Experts in the Development of Game Functional Footwork

What is TST?
 
We see ourselves as experts in the development of game functional footwork. The foot dexterity and precision of touch developed by working on Fundamental Footwork Patterns, then translates to all touches and actions* that a player has in a game. (*First touch [ Control with intelligence], ball moving [running with the ball, changes direction, and 1v1 moments in all its forms] and the release [in all its forms]).
 
The overriding aim is to improve foot dexterity, so that when a player interacts with a ball there is a greater degree of precision of touch, so that ultimately :
 
The player and the ball become one. 
 
Overtime, the work done at TST and by the player outside of training, will improve their ability to interact with the ball at speed, whilst keeping th with the head up (without a breakdown of touch) and done perfectly in stride.
 
Plus, we are only interested in game functional ball movement patterns that maximise the effeciency and effectiveness of use of the ball when playing in tight spaces. [Ball mastery exercises that have no place in the game become n exercise in poor coaching and show a lack of understanding  of game functional technique. Such exercise will not be found at TST.  There is too much to learn to waste time on diffcult things which have no purpose.]
 
If players put the work in and spend enough time with us, this will make a significant difference to them as a player.
 
The precision of touch we strive for, takes years to develop and maintain. Players who are looking only at the short term or have fixed mindset (I want to get better, but i want it now and i am not prepared to do any extra work to get it) will not get anything out TST. It is not for them.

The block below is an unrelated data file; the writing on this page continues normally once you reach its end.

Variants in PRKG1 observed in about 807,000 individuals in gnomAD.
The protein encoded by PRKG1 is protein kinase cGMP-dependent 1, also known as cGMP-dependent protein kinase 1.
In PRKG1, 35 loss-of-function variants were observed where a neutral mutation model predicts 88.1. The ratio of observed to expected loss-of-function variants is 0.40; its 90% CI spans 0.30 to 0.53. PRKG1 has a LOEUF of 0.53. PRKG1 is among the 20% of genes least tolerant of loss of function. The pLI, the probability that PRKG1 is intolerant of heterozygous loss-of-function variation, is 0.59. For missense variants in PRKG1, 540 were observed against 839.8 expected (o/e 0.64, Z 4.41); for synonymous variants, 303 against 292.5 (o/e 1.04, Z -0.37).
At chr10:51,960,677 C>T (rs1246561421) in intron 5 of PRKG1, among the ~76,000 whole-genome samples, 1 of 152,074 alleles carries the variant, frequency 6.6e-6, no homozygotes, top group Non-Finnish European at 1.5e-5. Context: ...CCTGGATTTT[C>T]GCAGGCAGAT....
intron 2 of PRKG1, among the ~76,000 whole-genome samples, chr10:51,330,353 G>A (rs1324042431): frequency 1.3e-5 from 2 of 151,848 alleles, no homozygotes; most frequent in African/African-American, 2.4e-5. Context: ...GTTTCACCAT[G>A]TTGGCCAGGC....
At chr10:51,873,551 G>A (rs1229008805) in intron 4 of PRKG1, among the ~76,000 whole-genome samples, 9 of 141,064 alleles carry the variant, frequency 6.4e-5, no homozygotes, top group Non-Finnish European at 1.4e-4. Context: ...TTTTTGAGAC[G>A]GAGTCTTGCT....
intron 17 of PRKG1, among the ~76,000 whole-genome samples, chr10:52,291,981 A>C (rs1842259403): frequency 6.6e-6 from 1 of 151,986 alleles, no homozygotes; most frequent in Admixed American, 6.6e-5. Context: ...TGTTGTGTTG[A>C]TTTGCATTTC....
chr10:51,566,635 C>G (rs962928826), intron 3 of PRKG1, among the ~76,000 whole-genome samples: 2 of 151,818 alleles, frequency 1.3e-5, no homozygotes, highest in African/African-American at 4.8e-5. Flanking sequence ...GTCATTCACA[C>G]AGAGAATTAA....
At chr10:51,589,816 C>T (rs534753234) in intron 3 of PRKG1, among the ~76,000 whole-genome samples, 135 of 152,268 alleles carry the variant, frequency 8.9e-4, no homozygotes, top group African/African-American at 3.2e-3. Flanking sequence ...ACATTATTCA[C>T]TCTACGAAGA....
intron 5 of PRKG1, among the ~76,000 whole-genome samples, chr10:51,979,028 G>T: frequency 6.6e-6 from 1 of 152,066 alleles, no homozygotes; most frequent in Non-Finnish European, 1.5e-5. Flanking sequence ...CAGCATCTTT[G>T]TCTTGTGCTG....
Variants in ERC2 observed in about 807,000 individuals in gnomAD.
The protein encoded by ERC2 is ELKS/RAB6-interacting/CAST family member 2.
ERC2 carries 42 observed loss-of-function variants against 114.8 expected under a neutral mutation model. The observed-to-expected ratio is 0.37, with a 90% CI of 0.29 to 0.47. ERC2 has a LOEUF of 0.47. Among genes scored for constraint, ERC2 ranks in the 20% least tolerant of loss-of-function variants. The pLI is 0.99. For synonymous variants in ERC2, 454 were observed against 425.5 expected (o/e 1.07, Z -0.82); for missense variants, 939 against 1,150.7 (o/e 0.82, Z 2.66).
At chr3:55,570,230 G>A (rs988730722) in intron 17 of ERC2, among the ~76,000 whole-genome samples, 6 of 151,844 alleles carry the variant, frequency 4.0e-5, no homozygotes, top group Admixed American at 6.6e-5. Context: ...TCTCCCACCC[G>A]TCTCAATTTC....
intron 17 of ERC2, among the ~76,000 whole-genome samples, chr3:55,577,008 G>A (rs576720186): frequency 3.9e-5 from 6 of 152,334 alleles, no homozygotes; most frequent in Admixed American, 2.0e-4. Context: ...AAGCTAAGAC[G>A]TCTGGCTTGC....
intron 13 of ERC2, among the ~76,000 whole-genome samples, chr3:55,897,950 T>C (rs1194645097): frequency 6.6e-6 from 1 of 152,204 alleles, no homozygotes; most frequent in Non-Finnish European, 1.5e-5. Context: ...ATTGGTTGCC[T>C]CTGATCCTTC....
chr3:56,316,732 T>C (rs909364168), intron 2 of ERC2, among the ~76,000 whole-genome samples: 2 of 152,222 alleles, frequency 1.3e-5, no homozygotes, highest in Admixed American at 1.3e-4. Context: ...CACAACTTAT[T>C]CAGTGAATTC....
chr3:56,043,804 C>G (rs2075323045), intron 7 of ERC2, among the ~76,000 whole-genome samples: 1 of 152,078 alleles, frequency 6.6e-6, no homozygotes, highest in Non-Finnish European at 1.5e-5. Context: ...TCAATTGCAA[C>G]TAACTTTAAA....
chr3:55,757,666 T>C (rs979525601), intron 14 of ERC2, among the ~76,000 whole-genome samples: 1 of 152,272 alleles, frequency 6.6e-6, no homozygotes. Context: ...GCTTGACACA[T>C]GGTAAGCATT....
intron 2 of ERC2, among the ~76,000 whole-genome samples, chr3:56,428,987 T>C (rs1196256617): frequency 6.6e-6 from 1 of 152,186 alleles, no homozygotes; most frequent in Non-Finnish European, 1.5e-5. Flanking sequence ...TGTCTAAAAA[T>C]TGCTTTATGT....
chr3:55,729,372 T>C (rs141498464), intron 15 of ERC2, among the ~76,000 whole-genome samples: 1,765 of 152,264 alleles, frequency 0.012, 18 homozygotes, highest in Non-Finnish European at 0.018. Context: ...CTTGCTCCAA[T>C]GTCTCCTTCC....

We aim to provide a level repetition and feedback that is impossible to get at team training. Not because of the level of coaching at team training, but because a team coach will coach with a different emphasis and different aims and goals.
 
Also, team training is big group. This can make a huge difference in regards to the amount and type of feedback a player will get in regards to their developing technique. THis lack of attention, feedback and technical practice at training can have a massive impact on a players technical development. the  'just play and the technique will follow' approach, simply doesnt work for most players.
 
On the flip side, because we fundamentally work on touch, it means that we actually compliment a player's team training as we help players go to training with a 'better and better' tool kit. We don't teach a system of play. Team coaches remain in full control of how their players use their developing precision of touch.